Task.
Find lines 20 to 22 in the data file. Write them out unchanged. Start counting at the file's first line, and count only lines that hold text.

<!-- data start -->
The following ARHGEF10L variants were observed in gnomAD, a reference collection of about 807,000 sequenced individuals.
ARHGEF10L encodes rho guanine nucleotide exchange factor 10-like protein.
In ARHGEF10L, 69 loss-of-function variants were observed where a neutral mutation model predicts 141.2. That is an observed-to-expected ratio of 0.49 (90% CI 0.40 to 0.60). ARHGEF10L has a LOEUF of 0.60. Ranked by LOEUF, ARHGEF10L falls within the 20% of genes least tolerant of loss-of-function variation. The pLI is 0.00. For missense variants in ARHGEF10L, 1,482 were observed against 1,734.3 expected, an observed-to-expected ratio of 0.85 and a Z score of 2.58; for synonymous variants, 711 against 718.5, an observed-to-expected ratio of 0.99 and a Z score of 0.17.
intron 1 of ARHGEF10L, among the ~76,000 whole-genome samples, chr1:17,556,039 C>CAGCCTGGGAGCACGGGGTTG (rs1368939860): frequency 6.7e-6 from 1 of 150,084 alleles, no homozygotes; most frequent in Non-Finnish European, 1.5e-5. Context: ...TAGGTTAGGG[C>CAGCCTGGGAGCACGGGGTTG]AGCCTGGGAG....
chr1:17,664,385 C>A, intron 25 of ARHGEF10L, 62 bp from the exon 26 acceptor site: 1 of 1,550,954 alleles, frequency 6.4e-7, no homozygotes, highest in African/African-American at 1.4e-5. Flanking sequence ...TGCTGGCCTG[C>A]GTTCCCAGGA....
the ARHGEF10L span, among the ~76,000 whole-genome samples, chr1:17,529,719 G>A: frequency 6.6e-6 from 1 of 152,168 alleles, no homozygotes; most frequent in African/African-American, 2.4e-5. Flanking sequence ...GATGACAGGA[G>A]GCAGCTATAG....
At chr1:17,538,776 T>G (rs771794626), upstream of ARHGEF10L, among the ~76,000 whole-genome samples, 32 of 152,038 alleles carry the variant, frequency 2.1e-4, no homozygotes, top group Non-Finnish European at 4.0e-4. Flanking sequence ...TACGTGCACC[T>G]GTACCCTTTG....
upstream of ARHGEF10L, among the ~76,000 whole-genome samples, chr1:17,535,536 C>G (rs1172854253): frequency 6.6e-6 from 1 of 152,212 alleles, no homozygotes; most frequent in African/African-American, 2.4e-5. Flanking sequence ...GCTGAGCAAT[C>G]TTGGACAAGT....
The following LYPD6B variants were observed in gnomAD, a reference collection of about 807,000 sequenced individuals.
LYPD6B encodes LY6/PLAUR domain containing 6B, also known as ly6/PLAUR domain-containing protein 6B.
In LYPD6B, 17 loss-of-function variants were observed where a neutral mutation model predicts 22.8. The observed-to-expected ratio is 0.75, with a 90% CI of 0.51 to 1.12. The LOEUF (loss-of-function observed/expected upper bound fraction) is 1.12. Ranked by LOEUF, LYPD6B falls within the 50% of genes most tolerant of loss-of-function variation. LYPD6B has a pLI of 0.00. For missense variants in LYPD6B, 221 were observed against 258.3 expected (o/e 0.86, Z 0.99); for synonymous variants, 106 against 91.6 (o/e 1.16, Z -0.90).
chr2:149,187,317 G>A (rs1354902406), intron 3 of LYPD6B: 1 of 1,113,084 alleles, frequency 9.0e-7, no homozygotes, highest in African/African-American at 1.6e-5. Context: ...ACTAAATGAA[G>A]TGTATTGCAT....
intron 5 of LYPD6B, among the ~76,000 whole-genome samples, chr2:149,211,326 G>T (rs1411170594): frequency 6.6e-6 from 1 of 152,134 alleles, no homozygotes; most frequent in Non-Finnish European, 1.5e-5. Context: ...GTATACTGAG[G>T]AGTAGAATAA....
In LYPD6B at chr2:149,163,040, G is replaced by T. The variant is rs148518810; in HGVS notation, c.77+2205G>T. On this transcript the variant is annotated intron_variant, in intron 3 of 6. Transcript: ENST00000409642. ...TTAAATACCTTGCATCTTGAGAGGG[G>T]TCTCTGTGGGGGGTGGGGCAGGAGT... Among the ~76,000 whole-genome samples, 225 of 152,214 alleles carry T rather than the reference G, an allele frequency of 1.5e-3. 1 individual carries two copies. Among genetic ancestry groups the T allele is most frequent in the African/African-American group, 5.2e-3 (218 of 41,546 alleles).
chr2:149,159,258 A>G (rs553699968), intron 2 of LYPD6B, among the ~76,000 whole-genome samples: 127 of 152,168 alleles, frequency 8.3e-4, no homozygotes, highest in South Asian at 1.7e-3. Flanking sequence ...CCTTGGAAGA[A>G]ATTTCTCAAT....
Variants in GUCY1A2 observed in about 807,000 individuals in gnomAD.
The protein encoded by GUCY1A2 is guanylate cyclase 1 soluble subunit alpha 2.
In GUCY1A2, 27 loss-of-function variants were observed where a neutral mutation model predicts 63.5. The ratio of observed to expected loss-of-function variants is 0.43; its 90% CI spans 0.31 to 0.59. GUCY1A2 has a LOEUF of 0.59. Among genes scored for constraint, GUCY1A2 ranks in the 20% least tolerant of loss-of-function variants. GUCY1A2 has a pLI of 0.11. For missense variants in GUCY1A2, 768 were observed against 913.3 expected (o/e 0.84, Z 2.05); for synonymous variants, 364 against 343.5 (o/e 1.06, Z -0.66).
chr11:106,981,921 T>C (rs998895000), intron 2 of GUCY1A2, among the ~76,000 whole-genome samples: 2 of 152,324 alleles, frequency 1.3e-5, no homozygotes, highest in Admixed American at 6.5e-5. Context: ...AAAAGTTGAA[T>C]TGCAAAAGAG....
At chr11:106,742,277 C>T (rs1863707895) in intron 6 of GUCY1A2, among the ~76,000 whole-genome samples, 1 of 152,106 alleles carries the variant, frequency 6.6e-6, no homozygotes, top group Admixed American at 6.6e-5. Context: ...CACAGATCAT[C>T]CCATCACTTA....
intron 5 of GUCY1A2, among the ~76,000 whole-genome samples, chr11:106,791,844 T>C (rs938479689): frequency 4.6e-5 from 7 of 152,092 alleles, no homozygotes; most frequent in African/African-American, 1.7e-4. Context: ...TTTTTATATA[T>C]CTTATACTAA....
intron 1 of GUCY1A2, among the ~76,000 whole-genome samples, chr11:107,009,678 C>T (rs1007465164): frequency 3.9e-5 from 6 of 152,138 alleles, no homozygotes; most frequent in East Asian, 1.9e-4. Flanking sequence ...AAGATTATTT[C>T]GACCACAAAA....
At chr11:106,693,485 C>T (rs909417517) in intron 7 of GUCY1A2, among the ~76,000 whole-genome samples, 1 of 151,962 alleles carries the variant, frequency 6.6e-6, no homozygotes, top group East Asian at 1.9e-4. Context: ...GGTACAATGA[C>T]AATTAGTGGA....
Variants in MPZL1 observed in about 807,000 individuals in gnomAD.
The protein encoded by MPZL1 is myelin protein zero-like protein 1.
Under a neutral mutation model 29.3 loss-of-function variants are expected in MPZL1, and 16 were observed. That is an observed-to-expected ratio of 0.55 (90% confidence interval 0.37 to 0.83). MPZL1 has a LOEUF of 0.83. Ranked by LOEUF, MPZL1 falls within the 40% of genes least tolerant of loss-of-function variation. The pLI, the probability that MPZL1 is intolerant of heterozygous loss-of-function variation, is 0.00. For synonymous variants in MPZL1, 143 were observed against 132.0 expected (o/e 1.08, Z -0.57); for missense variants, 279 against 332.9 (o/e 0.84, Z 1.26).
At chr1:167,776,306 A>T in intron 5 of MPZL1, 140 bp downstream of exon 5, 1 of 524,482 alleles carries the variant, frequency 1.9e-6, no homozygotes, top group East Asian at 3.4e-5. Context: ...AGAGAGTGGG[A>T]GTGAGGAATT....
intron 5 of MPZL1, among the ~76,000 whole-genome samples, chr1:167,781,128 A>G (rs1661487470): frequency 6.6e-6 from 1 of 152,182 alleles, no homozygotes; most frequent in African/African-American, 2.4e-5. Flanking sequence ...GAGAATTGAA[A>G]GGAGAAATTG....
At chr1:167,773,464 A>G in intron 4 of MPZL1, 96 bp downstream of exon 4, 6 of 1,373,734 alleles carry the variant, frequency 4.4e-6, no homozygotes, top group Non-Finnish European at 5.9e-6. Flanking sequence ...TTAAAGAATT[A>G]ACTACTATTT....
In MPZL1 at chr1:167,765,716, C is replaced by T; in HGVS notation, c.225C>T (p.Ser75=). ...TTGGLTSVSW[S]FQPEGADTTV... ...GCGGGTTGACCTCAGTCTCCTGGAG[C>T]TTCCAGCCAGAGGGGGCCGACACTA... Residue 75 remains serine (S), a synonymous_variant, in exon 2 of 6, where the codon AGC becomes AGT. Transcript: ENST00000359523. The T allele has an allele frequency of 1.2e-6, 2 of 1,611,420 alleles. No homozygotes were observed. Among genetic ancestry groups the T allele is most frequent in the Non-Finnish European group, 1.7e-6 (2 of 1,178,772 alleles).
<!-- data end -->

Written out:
At chr11:106,742,277 C>T (rs1863707895) in intron 6 of GUCY1A2, among the ~76,000 whole-genome samples, 1 of 152,106 alleles carries the variant, frequency 6.6e-6, no homozygotes, top group Admixed American at 6.6e-5. Context: ...CACAGATCAT[C>T]CCATCACTTA....
intron 5 of GUCY1A2, among the ~76,000 whole-genome samples, chr11:106,791,844 T>C (rs938479689): frequency 4.6e-5 from 7 of 152,092 alleles, no homozygotes; most frequent in African/African-American, 1.7e-4. Context: ...TTTTTATATA[T>C]CTTATACTAA....
intron 1 of GUCY1A2, among the ~76,000 whole-genome samples, chr11:107,009,678 C>T (rs1007465164): frequency 3.9e-5 from 6 of 152,138 alleles, no homozygotes; most frequent in East Asian, 1.9e-4. Flanking sequence ...AAGATTATTT[C>T]GACCACAAAA....